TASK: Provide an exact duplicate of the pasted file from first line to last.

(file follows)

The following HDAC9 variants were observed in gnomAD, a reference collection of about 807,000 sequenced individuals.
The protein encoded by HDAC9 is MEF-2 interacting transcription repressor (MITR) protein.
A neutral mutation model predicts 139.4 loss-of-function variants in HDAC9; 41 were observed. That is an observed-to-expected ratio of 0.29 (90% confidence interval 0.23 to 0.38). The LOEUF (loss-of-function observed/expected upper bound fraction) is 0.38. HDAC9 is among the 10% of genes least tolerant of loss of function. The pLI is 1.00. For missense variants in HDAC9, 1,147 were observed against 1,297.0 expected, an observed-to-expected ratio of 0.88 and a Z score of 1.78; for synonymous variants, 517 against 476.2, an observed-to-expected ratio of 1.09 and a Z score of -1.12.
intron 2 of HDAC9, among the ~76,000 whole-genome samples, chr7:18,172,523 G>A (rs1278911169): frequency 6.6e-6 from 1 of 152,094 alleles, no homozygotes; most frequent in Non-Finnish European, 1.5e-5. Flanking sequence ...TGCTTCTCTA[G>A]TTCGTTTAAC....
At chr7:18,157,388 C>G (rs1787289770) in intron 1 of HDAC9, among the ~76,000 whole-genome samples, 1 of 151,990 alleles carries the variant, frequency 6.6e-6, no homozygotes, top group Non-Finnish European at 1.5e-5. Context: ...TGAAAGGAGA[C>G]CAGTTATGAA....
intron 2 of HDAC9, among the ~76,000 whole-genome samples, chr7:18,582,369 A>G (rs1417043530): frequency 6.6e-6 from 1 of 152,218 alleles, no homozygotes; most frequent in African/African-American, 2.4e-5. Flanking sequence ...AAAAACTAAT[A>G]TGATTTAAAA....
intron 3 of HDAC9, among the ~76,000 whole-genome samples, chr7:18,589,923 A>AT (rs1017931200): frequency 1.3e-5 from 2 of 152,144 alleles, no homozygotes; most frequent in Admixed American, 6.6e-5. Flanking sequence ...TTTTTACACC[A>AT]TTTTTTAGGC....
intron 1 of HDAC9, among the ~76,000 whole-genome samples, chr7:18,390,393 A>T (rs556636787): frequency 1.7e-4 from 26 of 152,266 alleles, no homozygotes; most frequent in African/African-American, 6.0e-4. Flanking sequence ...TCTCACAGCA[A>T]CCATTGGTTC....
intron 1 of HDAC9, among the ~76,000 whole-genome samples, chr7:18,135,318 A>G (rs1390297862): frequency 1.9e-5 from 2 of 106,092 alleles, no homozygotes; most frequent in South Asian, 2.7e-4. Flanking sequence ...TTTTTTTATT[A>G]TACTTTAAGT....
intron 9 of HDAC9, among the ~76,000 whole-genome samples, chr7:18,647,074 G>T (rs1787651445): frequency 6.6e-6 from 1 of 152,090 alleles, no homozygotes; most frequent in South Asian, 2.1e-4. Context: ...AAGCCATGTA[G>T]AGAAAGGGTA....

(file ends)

The following HDAC9 variants were observed in gnomAD, a reference collection of about 807,000 sequenced individuals.
The protein encoded by HDAC9 is MEF-2 interacting transcription repressor (MITR) protein.
A neutral mutation model predicts 139.4 loss-of-function variants in HDAC9; 41 were observed. That is an observed-to-expected ratio of 0.29 (90% confidence interval 0.23 to 0.38). The LOEUF (loss-of-function observed/expected upper bound fraction) is 0.38. HDAC9 is among the 10% of genes least tolerant of loss of function. The pLI is 1.00. For missense variants in HDAC9, 1,147 were observed against 1,297.0 expected, an observed-to-expected ratio of 0.88 and a Z score of 1.78; for synonymous variants, 517 against 476.2, an observed-to-expected ratio of 1.09 and a Z score of -1.12.
intron 2 of HDAC9, among the ~76,000 whole-genome samples, chr7:18,172,523 G>A (rs1278911169): frequency 6.6e-6 from 1 of 152,094 alleles, no homozygotes; most frequent in Non-Finnish European, 1.5e-5. Flanking sequence ...TGCTTCTCTA[G>A]TTCGTTTAAC....
At chr7:18,157,388 C>G (rs1787289770) in intron 1 of HDAC9, among the ~76,000 whole-genome samples, 1 of 151,990 alleles carries the variant, frequency 6.6e-6, no homozygotes, top group Non-Finnish European at 1.5e-5. Context: ...TGAAAGGAGA[C>G]CAGTTATGAA....
intron 2 of HDAC9, among the ~76,000 whole-genome samples, chr7:18,582,369 A>G (rs1417043530): frequency 6.6e-6 from 1 of 152,218 alleles, no homozygotes; most frequent in African/African-American, 2.4e-5. Flanking sequence ...AAAAACTAAT[A>G]TGATTTAAAA....
intron 3 of HDAC9, among the ~76,000 whole-genome samples, chr7:18,589,923 A>AT (rs1017931200): frequency 1.3e-5 from 2 of 152,144 alleles, no homozygotes; most frequent in Admixed American, 6.6e-5. Flanking sequence ...TTTTTACACC[A>AT]TTTTTTAGGC....
intron 1 of HDAC9, among the ~76,000 whole-genome samples, chr7:18,390,393 A>T (rs556636787): frequency 1.7e-4 from 26 of 152,266 alleles, no homozygotes; most frequent in African/African-American, 6.0e-4. Flanking sequence ...TCTCACAGCA[A>T]CCATTGGTTC....
intron 1 of HDAC9, among the ~76,000 whole-genome samples, chr7:18,135,318 A>G (rs1390297862): frequency 1.9e-5 from 2 of 106,092 alleles, no homozygotes; most frequent in South Asian, 2.7e-4. Flanking sequence ...TTTTTTTATT[A>G]TACTTTAAGT....
intron 9 of HDAC9, among the ~76,000 whole-genome samples, chr7:18,647,074 G>T (rs1787651445): frequency 6.6e-6 from 1 of 152,090 alleles, no homozygotes; most frequent in South Asian, 2.1e-4. Context: ...AAGCCATGTA[G>T]AGAAAGGGTA....